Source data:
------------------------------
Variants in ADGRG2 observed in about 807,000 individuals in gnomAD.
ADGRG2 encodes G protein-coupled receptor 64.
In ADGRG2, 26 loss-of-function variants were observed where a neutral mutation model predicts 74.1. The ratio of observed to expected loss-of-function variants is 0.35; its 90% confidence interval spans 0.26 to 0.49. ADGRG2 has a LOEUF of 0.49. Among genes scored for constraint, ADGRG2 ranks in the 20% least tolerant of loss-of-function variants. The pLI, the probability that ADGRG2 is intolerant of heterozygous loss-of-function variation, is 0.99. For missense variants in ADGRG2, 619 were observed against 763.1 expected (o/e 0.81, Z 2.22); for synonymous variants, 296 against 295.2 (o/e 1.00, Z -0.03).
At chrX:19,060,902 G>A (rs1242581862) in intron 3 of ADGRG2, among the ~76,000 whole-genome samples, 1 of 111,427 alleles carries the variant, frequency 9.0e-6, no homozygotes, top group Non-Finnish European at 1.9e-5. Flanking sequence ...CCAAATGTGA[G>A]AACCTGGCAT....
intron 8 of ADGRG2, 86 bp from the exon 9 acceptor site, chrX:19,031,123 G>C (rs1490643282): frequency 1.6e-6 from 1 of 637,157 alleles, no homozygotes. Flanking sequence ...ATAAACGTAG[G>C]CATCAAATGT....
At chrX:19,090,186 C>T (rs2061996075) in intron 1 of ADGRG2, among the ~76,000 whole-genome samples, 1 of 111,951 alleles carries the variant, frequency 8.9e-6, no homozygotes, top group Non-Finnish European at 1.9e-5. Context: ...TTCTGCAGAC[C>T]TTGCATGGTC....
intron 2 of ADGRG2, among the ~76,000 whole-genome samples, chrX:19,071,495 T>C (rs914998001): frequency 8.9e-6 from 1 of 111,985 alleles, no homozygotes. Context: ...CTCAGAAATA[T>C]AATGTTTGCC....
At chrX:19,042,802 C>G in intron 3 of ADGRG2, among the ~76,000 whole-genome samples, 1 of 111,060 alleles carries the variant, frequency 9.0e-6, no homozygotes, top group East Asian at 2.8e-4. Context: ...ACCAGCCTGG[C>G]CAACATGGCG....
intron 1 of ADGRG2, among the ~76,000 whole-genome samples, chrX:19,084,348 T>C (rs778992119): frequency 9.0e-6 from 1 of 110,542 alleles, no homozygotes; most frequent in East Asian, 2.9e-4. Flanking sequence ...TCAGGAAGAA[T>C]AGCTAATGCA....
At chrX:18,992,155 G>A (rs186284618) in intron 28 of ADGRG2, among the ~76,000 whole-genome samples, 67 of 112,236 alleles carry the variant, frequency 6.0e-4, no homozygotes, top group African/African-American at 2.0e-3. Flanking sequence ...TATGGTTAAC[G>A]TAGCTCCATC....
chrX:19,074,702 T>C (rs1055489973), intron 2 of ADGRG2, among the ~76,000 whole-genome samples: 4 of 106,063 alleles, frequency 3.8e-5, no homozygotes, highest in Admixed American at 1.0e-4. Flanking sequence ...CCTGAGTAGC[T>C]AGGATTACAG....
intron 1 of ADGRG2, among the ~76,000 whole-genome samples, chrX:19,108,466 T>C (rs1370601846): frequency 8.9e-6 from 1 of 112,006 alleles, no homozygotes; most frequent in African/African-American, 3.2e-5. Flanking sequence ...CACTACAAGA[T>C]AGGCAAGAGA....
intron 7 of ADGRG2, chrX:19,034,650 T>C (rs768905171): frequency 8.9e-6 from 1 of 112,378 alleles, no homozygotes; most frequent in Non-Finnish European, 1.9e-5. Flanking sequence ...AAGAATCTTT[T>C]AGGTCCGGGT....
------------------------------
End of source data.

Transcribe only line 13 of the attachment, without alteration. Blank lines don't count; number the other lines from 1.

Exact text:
intron 7 of ADGRG2, chrX:19,034,650 T>C (rs768905171): frequency 8.9e-6 from 1 of 112,378 alleles, no homozygotes; most frequent in Non-Finnish European, 1.9e-5. Flanking sequence ...AAGAATCTTT[T>C]AGGTCCGGGT....